Washington Authorities in Europe and the United States made a slew of arrests in the terrorist investigation, and officials went on alert against new attacks despite the lack of specific threats.
Newly released documents showed that U.S. authorities have detained dozens of people from Middle Eastern countries who violated immigration rules and are being questioned by terrorism investigators. The documents showed some entered the country in the days around the suicide hijackings.
In an indication of increased U.S. security, the Coast Guard has begun checking all lists of crew members and passengers on vessels entering the United States, and comparing names with those on law enforcement databases, said Cmdr. Jim McPherson.
He cited the example last week of the captain of a cruise ship returning to Miami from Cozumel, Mexico, who reported that two passengers were acting suspiciously. The Coast Guard was contacted, detained the men and found that one was wanted in connection with terrorist acts unrelated to the Sept. 11 hijackings. The man was turned over to the FBI.
Nearly two weeks after the terrorist attacks in New York and Washington, Attorney General John Ashcroft urged vigilance while cautioning against panic.
The attacks showed "we have a vulnerability to which we should be attentive but to which we should not yield," Ashcroft said Friday after a tour of the World Trade Center wreckage site in New York.
The global investigation to find people involved in the plot to hijack four jetliners moved ahead with several arrests.
German officials issued arrest warrants for two men charged with forming a terrorist organization and at least 5,000 counts of murder. In the warrants prosecutors named Ramzi Binalshibh, 29, of Yemen, and Said Bahaji, 26, a German of Moroccan origin.
Both are suspected of helping plot the attacks on New York and Washington with three hijackers who lived for a time in Hamburg, Germany, and died executing the plot, prosecutor Kay Nehm said.
In London, four people were arrested and questioned by anti-terrorism police. Authorities in France arrested seven in connection with an alleged plot to target U.S. sites there.
Canadian authorities are holding a man who was trying to fly into Chicago with an illegal passport and airline uniforms on the day of the hijacking attacks, the Justice Department said.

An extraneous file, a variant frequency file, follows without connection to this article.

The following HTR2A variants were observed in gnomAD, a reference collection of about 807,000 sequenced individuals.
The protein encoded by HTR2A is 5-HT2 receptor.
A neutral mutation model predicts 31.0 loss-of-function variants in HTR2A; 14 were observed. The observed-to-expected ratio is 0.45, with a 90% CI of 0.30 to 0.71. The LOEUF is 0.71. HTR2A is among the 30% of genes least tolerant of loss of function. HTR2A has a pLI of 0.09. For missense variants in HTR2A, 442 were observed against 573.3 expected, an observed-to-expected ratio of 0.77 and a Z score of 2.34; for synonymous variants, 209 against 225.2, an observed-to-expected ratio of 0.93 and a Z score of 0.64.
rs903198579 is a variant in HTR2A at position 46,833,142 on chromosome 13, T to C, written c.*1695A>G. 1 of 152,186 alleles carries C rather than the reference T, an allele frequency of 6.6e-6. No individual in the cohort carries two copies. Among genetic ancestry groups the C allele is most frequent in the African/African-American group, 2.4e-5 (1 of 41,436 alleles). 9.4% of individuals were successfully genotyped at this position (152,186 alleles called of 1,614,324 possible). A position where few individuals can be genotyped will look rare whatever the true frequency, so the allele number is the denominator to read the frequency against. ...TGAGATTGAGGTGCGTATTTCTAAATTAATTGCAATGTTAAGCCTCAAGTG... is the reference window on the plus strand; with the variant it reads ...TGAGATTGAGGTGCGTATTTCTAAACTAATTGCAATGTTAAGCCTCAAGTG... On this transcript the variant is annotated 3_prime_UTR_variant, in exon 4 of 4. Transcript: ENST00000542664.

Court documents unsealed Friday said the man, Nageeb Abdul Jabar Mohamed Al-Hadi, was on a Lufthansa flight from Germany to O'Hare International Airport when it was diverted to Toronto because of the hijackings.
Al-Hadi, a contract employee for the German airline, was traveling with a ticket under a different name and carried three passports from Yemen, two of which had names significantly different from his, the criminal complaint said. He was charged Sept. 14 with possessing and attempting to use a false passport. U.S. authorities plan to file extradition papers.
Investigators want to question Al-Hadi, although officials said they have no information that he is linked to the attacks.
In Washington, the Justice Department released documents charging 33 of the 80 people taken into custody by immigration authorities. Most were charged with overstaying visitor or business visas.
The names of those detained were covered up in the documents. Their native countries included Egypt, Israel, Pakistan, Jordan, India, Saudi Arabia, Iran, Kuwait and Syria.
A handful of the detainees came to the United States in the days around the attacks. One from Syria entered illegally through Canada three days before. An Indian entered Chicago as a ship crewman the day before the attacks. Three Egyptians entered the United States through Texas three days after the hijackings.
Meanwhile, authorities and a lawyer confirmed a Saudi man was arrested the day of the attacks in suburban Washington, a few miles from Dulles International Airport, where one of the planes was hijacked. That plane later crashed into the Pentagon.
Attorney Drewry Hutcheson Jr. said his client, Khalid al-Draibi, was stopped while driving with a flat tire near Manassas, Va.
"He was arrested for allegedly making a false statement that he was a U.S. citizen. He later told the FBI investigators who spoke to him that he was a Saudi Arabian citizen," Hutcheson said. He said his client remained in detention.
Police near Birmingham, Ala., said the FBI questioned them in recent days about a cab driver with a similarly spelled name, Khalid Aldiribi, who they believed was being detained in Washington.
The FBI in Virginia also issued a list of 21 names to banks, seeking records of financial transactions in the investigation.